With situations like these, it’s easy to add more stress to the stress that’s already going on. I felt the pressure of the little T trauma of the family history in the background – but I could revisit that later. I also knew about my tendency to worry. Taking care of logistics gave me a good focus for the current moment.

With anxiety about the unexpected side of life, negative beliefs surface. You want to feel you are supported and life is good. With adversity, you might start to wonder if that support is there. You might question the goodness of life, and revert to older views like Murphy’s law. Or, “Just when I think I’m getting ahead, the other shoe drops.”

I had just been paid for a training course I delivered in May which provided extra income. That will fund a week of vacation, I had thought. Now, it will fund a new clutch. OK, fine. What’s important? To show up well for my dear sis and crew. Was I supported? Short story, yes. Can more money come in without me worrying or gnashing my teeth on this one? Quite possibly, and we will see.

Meanwhile, when worry or skeptical thoughts arose, I could chop wood and carry water. Or in this case, iron the wedding dress and check the wedding deets. Take action to research my car warranty and look into a backup mechanic, just in case. When Monday arrived I was ready for my mechanic and was able to drive to the shop.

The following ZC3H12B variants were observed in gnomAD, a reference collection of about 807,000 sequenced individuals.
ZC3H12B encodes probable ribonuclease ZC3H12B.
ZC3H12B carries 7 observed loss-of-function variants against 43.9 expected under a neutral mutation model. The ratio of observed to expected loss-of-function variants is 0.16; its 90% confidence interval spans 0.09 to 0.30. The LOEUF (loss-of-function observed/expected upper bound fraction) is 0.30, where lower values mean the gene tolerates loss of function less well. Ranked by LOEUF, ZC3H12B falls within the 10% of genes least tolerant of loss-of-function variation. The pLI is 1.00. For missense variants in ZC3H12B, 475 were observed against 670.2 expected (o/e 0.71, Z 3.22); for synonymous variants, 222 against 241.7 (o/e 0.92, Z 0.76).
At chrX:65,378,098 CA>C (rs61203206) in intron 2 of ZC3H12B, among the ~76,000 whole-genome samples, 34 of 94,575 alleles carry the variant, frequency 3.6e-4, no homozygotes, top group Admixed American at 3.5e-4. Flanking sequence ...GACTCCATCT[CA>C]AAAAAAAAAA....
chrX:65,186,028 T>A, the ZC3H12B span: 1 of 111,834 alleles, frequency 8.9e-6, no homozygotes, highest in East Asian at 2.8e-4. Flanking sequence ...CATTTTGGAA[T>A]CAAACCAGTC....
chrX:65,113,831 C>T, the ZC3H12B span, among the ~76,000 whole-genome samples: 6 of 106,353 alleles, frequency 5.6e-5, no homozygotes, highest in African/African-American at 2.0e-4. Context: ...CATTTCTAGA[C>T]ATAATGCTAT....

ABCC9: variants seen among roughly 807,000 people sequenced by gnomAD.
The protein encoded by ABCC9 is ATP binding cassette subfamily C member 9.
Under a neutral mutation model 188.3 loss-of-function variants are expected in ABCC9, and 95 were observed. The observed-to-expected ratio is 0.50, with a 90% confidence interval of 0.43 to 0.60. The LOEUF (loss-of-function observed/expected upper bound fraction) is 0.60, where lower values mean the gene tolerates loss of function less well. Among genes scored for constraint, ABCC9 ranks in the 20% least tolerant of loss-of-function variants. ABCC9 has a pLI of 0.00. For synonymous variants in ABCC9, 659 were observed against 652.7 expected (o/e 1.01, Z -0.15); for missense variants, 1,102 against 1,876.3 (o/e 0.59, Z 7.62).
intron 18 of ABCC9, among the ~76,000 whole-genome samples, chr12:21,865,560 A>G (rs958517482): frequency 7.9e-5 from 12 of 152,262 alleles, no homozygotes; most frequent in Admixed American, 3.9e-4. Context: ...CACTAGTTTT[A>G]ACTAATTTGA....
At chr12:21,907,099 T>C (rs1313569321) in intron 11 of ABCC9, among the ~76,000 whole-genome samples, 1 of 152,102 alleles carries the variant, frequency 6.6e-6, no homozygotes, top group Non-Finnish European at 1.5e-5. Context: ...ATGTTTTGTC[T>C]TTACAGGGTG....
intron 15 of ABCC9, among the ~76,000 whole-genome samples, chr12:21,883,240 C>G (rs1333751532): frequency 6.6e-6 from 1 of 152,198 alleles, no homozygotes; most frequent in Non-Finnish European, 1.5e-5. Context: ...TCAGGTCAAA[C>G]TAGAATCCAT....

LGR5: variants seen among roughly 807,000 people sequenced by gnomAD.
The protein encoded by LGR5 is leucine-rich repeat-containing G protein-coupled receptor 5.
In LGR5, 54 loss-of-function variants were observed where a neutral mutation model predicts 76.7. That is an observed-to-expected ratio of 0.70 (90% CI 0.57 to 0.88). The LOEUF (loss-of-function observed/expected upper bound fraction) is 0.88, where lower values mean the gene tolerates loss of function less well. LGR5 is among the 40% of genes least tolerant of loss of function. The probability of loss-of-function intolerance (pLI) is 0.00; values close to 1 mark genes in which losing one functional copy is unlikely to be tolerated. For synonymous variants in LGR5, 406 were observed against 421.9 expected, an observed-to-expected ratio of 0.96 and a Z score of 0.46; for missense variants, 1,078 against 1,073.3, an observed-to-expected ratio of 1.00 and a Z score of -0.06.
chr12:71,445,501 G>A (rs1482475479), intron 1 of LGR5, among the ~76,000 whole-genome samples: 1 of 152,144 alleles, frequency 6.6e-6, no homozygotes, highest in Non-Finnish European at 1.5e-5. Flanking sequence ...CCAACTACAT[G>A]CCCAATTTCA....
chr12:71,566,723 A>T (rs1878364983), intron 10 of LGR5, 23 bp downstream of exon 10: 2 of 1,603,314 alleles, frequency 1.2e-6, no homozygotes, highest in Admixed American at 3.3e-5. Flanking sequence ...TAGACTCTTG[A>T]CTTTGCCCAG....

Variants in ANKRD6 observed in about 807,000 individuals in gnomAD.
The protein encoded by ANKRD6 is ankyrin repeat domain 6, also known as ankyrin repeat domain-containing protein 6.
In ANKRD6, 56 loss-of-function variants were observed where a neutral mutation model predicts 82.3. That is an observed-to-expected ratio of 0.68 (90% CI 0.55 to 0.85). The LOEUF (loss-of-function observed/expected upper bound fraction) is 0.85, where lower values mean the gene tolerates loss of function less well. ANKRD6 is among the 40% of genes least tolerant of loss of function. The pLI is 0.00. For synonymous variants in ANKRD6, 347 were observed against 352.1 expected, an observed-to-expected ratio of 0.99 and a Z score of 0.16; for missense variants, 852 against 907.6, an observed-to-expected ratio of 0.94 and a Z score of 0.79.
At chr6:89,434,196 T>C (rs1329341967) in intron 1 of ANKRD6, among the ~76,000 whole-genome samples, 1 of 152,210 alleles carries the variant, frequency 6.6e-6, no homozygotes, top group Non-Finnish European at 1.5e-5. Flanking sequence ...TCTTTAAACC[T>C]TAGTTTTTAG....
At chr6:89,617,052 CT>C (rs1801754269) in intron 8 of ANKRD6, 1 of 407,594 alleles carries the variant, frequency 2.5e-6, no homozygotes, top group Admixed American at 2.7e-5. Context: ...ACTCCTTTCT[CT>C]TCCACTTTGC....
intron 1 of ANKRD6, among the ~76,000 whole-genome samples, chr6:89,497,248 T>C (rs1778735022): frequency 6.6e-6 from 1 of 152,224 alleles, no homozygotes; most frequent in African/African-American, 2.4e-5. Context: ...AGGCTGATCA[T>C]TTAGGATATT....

I dropped the car off and then was on my bike. I stopped for coffee. Then I got a text from a lovely friend who had dropped off soup when I had covid – she saved my ass! She was now moving – I’d told her to keep me in mind if she needed help. She needed some this morning. I wasn’t far – plus it was downhill. This was a case where I could say YES vs. no. She was thrilled.

The next day, the car was ready to be picked up. I took up another friend’s offer to let her know if I needed a lift to the shop. That was a busy work day and stress was higher. Yes, I could ride my bike, but … why not say yes to this extra support?

That next night I finally slept better and woke up for the first wedding event calm and centered. Positive events can include stress – counterintuitive yes, but clear to me this week.

Takeaways from this Stress to Strength Adventure?

The system of 4 steps and 5 tools that dance well to make the most of human stress management are part of my new book, Stress to Strength: A Therapist’s Guide to Empower Clients. This stuff works! Here are the takeaways from SSAS #1:

1) Say No more often, especially with a higher stress palette (step 1)
2) With unexpected challenges, focus on what’s in your control to keep moving (step 2)
3) You can note deeper work (beliefs, old history) that could use a review – for a later time
4) Amidst it all, you can remember your priorities and what’s important – in this case, love

Have you had any Stress to Strength Adventures lately (SSAS)? June seems to be starting on a lively foot.

Do you like these adventures? Join us on our Substack Newsletter, Intuition Builder, to explore the intersection of how good mental health builds more accurate intuition.